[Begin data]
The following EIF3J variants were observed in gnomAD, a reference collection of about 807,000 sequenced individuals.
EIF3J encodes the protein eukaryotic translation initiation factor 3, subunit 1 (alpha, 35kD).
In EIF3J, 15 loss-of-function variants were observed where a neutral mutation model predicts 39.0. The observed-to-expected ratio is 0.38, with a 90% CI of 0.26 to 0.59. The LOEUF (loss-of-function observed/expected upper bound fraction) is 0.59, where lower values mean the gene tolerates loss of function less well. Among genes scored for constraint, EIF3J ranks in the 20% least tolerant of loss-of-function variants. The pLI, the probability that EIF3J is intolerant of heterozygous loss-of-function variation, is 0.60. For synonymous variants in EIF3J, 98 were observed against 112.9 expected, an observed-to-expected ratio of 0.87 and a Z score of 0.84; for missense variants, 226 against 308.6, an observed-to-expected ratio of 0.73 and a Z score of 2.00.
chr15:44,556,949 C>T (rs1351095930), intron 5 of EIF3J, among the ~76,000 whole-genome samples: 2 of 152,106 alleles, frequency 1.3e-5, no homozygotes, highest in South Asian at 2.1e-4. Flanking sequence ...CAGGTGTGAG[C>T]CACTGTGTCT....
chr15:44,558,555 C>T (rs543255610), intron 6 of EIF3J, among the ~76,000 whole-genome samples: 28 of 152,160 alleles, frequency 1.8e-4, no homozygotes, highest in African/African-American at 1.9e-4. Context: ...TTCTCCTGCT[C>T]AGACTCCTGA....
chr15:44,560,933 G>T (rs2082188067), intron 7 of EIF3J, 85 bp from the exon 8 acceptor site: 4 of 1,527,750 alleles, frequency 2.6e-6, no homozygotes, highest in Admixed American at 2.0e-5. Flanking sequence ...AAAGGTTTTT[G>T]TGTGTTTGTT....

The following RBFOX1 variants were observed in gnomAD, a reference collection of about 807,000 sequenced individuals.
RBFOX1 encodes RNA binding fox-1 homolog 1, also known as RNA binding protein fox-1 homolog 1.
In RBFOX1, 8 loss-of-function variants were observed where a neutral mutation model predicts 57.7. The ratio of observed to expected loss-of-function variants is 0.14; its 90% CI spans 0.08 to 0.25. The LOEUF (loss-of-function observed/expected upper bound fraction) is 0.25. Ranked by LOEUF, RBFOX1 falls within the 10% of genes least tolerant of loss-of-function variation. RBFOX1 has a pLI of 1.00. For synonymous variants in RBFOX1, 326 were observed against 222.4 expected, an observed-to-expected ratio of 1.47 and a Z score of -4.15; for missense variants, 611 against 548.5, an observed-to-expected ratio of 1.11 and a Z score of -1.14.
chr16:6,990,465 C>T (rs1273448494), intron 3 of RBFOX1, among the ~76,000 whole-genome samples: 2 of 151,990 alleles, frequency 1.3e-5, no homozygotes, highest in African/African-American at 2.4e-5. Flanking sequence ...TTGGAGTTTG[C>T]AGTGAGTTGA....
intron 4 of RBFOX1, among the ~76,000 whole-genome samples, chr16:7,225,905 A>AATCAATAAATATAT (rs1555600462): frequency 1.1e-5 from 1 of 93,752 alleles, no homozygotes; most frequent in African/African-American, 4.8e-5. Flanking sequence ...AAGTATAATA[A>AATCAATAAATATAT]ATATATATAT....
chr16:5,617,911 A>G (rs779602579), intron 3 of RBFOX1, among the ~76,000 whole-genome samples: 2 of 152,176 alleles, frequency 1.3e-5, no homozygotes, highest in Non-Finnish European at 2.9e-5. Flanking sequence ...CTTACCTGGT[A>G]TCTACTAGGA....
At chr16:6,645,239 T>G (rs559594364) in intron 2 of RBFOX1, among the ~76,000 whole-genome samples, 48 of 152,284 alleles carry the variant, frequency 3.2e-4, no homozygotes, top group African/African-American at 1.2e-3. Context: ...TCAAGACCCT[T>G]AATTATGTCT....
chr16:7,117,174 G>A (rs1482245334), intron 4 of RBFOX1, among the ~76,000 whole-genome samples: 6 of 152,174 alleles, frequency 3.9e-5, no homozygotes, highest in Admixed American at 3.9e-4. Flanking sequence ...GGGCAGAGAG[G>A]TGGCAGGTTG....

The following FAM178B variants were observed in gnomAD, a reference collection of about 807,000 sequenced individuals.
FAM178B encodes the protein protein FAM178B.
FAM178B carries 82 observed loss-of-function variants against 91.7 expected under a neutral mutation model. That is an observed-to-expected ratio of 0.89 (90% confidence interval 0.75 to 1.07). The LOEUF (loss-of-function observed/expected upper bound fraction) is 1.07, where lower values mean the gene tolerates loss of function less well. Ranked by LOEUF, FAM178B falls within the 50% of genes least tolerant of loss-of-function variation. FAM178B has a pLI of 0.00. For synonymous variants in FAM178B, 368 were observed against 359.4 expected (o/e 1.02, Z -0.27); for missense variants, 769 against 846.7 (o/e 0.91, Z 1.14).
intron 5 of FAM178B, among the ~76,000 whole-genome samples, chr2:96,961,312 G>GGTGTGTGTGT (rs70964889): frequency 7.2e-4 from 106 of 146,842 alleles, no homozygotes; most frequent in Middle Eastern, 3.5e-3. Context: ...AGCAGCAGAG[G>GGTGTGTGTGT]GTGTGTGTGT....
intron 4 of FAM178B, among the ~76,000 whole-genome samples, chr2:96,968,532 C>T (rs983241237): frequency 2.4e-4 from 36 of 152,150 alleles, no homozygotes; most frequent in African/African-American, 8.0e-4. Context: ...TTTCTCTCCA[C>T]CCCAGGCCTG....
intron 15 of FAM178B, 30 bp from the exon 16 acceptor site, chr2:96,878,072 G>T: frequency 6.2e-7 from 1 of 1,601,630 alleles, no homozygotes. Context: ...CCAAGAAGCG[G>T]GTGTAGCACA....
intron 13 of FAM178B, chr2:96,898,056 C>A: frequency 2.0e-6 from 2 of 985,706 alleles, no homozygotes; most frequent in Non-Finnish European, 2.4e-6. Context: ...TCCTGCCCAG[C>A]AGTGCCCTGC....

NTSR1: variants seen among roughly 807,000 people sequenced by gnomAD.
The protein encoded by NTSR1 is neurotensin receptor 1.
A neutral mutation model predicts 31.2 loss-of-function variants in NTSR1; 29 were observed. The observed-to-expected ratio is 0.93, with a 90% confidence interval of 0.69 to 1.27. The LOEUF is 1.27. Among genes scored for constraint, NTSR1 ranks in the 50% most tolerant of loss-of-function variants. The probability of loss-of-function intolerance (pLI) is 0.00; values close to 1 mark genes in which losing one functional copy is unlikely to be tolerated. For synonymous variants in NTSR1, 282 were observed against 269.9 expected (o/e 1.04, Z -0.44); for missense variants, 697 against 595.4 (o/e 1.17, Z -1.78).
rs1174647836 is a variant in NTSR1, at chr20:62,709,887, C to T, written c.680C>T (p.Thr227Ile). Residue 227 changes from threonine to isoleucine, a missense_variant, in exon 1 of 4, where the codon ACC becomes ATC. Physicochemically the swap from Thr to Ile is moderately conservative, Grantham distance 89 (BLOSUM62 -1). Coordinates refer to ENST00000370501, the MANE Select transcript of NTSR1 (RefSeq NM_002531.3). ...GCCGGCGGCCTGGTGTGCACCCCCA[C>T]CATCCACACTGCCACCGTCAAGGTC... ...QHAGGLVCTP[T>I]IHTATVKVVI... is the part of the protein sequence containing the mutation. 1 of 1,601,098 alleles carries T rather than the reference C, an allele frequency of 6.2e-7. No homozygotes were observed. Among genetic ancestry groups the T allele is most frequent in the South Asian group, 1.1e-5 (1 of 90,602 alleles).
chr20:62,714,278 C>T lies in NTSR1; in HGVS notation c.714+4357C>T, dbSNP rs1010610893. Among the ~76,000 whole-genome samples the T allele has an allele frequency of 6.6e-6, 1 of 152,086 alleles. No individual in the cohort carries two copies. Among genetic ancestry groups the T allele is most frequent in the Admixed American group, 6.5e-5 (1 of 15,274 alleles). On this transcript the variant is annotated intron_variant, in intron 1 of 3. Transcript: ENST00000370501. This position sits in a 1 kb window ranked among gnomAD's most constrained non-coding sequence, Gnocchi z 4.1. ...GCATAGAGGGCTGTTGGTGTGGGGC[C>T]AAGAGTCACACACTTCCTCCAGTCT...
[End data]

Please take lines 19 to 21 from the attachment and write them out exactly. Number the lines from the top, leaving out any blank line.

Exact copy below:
intron 4 of FAM178B, among the ~76,000 whole-genome samples, chr2:96,968,532 C>T (rs983241237): frequency 2.4e-4 from 36 of 152,150 alleles, no homozygotes; most frequent in African/African-American, 8.0e-4. Context: ...TTTCTCTCCA[C>T]CCCAGGCCTG....
intron 15 of FAM178B, 30 bp from the exon 16 acceptor site, chr2:96,878,072 G>T: frequency 6.2e-7 from 1 of 1,601,630 alleles, no homozygotes. Context: ...CCAAGAAGCG[G>T]GTGTAGCACA....
intron 13 of FAM178B, chr2:96,898,056 C>A: frequency 2.0e-6 from 2 of 985,706 alleles, no homozygotes; most frequent in Non-Finnish European, 2.4e-6. Context: ...TCCTGCCCAG[C>A]AGTGCCCTGC....